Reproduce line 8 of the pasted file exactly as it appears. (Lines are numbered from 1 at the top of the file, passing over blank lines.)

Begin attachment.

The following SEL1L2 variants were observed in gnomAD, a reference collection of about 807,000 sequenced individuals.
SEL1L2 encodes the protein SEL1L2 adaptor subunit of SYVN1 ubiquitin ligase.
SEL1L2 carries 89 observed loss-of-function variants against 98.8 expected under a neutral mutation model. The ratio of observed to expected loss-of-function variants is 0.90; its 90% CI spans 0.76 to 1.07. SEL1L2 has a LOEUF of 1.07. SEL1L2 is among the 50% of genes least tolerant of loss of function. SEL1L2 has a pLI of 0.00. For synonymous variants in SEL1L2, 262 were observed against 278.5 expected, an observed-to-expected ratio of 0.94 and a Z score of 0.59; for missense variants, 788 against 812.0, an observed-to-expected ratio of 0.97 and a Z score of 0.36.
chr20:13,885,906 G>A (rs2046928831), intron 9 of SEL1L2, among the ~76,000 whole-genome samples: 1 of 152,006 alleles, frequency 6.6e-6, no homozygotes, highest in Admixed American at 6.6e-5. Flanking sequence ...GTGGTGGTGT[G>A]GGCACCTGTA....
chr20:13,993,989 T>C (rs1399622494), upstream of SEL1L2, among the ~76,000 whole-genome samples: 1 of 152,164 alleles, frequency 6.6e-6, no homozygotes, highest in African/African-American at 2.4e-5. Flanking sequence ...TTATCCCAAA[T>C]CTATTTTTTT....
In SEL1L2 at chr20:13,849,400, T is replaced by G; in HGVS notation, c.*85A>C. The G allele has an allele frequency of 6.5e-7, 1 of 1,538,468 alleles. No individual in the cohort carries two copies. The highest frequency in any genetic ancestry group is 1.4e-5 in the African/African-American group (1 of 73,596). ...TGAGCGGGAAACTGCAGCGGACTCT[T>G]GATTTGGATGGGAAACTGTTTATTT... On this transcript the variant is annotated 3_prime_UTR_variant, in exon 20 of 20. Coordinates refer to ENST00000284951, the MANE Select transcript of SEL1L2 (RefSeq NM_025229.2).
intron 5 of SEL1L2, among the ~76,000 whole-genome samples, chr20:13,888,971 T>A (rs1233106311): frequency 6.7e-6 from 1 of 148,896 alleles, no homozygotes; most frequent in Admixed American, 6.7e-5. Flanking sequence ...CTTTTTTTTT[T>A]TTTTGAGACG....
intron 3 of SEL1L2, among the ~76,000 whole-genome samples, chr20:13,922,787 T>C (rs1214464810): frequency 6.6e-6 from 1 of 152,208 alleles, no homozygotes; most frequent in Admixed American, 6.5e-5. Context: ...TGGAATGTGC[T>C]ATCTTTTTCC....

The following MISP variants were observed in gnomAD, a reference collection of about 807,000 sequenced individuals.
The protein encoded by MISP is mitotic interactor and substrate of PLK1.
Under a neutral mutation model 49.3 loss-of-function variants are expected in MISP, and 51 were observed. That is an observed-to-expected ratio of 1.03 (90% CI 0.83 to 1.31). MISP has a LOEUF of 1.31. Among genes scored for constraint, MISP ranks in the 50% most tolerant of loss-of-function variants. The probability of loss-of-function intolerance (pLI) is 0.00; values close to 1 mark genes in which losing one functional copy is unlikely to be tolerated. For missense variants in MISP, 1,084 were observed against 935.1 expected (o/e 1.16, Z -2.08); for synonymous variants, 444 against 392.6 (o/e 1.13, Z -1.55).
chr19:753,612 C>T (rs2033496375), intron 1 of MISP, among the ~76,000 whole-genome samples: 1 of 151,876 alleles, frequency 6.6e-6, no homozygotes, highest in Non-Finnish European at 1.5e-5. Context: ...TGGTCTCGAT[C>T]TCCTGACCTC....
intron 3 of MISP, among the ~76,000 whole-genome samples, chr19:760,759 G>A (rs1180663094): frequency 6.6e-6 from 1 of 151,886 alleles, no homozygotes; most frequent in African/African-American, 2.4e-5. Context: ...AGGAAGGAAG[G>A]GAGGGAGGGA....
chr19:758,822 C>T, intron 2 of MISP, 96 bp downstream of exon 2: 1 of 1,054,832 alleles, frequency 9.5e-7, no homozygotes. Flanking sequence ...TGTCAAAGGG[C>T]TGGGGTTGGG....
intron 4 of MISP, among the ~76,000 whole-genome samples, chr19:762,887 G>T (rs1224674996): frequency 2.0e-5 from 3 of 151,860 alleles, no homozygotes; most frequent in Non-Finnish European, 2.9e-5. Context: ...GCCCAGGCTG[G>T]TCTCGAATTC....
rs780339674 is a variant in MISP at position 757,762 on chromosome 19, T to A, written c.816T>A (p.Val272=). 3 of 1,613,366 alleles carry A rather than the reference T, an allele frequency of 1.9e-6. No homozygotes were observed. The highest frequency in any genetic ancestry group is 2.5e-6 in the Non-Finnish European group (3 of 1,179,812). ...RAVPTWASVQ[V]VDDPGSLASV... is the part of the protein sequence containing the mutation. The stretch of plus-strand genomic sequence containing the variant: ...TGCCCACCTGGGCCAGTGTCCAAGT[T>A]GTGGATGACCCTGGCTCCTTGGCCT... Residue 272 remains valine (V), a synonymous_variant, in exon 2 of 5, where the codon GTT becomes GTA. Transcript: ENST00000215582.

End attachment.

intron 3 of SEL1L2, among the ~76,000 whole-genome samples, chr20:13,922,787 T>C (rs1214464810): frequency 6.6e-6 from 1 of 152,208 alleles, no homozygotes; most frequent in Admixed American, 6.5e-5. Context: ...TGGAATGTGC[T>C]ATCTTTTTCC....